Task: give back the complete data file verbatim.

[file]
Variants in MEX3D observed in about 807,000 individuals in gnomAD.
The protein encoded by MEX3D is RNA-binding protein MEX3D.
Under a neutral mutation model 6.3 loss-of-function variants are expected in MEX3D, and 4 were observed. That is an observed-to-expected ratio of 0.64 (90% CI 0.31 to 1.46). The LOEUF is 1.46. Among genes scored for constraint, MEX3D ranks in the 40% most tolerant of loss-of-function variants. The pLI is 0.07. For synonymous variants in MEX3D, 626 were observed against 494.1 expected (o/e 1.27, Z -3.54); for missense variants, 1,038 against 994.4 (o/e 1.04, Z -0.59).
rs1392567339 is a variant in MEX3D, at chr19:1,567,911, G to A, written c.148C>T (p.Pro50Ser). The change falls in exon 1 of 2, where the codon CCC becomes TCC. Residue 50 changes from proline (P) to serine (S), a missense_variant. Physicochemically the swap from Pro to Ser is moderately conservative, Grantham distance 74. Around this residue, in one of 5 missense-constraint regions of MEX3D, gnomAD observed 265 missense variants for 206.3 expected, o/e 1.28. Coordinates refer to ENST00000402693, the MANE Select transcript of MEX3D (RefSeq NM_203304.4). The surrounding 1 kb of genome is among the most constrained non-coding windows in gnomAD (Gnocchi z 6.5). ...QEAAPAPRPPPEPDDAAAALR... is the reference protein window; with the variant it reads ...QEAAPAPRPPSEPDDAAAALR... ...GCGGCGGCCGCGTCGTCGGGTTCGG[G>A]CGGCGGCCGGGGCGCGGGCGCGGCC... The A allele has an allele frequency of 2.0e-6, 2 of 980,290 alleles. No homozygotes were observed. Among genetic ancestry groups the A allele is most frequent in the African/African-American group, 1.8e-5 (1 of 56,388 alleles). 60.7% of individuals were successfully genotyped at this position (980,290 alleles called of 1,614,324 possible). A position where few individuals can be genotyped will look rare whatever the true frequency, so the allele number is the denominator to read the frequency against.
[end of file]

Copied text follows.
Variants in MEX3D observed in about 807,000 individuals in gnomAD.
The protein encoded by MEX3D is RNA-binding protein MEX3D.
Under a neutral mutation model 6.3 loss-of-function variants are expected in MEX3D, and 4 were observed. That is an observed-to-expected ratio of 0.64 (90% CI 0.31 to 1.46). The LOEUF is 1.46. Among genes scored for constraint, MEX3D ranks in the 40% most tolerant of loss-of-function variants. The pLI is 0.07. For synonymous variants in MEX3D, 626 were observed against 494.1 expected (o/e 1.27, Z -3.54); for missense variants, 1,038 against 994.4 (o/e 1.04, Z -0.59).
rs1392567339 is a variant in MEX3D, at chr19:1,567,911, G to A, written c.148C>T (p.Pro50Ser). The change falls in exon 1 of 2, where the codon CCC becomes TCC. Residue 50 changes from proline (P) to serine (S), a missense_variant. Physicochemically the swap from Pro to Ser is moderately conservative, Grantham distance 74. Around this residue, in one of 5 missense-constraint regions of MEX3D, gnomAD observed 265 missense variants for 206.3 expected, o/e 1.28. Coordinates refer to ENST00000402693, the MANE Select transcript of MEX3D (RefSeq NM_203304.4). The surrounding 1 kb of genome is among the most constrained non-coding windows in gnomAD (Gnocchi z 6.5). ...QEAAPAPRPPPEPDDAAAALR... is the reference protein window; with the variant it reads ...QEAAPAPRPPSEPDDAAAALR... ...GCGGCGGCCGCGTCGTCGGGTTCGG[G>A]CGGCGGCCGGGGCGCGGGCGCGGCC... The A allele has an allele frequency of 2.0e-6, 2 of 980,290 alleles. No homozygotes were observed. Among genetic ancestry groups the A allele is most frequent in the African/African-American group, 1.8e-5 (1 of 56,388 alleles). 60.7% of individuals were successfully genotyped at this position (980,290 alleles called of 1,614,324 possible). A position where few individuals can be genotyped will look rare whatever the true frequency, so the allele number is the denominator to read the frequency against.